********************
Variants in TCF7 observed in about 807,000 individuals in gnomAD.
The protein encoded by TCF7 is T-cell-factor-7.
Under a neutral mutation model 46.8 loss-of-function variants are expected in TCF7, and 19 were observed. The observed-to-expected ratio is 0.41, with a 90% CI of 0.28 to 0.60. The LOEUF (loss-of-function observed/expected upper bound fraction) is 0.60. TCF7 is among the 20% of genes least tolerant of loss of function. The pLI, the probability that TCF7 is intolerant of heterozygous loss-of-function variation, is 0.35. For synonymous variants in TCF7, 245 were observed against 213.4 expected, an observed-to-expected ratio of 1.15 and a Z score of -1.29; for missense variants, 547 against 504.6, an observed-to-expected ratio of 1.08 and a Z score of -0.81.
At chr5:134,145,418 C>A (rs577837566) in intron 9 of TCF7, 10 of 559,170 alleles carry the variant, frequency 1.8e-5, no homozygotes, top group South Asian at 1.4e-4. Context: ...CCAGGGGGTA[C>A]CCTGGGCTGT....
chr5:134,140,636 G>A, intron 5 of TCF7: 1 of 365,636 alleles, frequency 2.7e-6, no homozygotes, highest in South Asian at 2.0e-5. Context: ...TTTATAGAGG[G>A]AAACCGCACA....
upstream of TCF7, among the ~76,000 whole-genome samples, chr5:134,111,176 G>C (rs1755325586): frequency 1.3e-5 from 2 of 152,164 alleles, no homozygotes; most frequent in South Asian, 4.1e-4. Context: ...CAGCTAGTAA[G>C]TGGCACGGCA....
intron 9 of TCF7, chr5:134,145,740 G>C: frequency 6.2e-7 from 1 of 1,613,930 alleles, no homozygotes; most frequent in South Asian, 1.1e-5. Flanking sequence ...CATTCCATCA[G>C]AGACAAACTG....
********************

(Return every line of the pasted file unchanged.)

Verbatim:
Variants in TCF7 observed in about 807,000 individuals in gnomAD.
The protein encoded by TCF7 is T-cell-factor-7.
Under a neutral mutation model 46.8 loss-of-function variants are expected in TCF7, and 19 were observed. The observed-to-expected ratio is 0.41, with a 90% CI of 0.28 to 0.60. The LOEUF (loss-of-function observed/expected upper bound fraction) is 0.60. TCF7 is among the 20% of genes least tolerant of loss of function. The pLI, the probability that TCF7 is intolerant of heterozygous loss-of-function variation, is 0.35. For synonymous variants in TCF7, 245 were observed against 213.4 expected, an observed-to-expected ratio of 1.15 and a Z score of -1.29; for missense variants, 547 against 504.6, an observed-to-expected ratio of 1.08 and a Z score of -0.81.
At chr5:134,145,418 C>A (rs577837566) in intron 9 of TCF7, 10 of 559,170 alleles carry the variant, frequency 1.8e-5, no homozygotes, top group South Asian at 1.4e-4. Context: ...CCAGGGGGTA[C>A]CCTGGGCTGT....
chr5:134,140,636 G>A, intron 5 of TCF7: 1 of 365,636 alleles, frequency 2.7e-6, no homozygotes, highest in South Asian at 2.0e-5. Context: ...TTTATAGAGG[G>A]AAACCGCACA....
upstream of TCF7, among the ~76,000 whole-genome samples, chr5:134,111,176 G>C (rs1755325586): frequency 1.3e-5 from 2 of 152,164 alleles, no homozygotes; most frequent in South Asian, 4.1e-4. Context: ...CAGCTAGTAA[G>C]TGGCACGGCA....
intron 9 of TCF7, chr5:134,145,740 G>C: frequency 6.2e-7 from 1 of 1,613,930 alleles, no homozygotes; most frequent in South Asian, 1.1e-5. Flanking sequence ...CATTCCATCA[G>C]AGACAAACTG....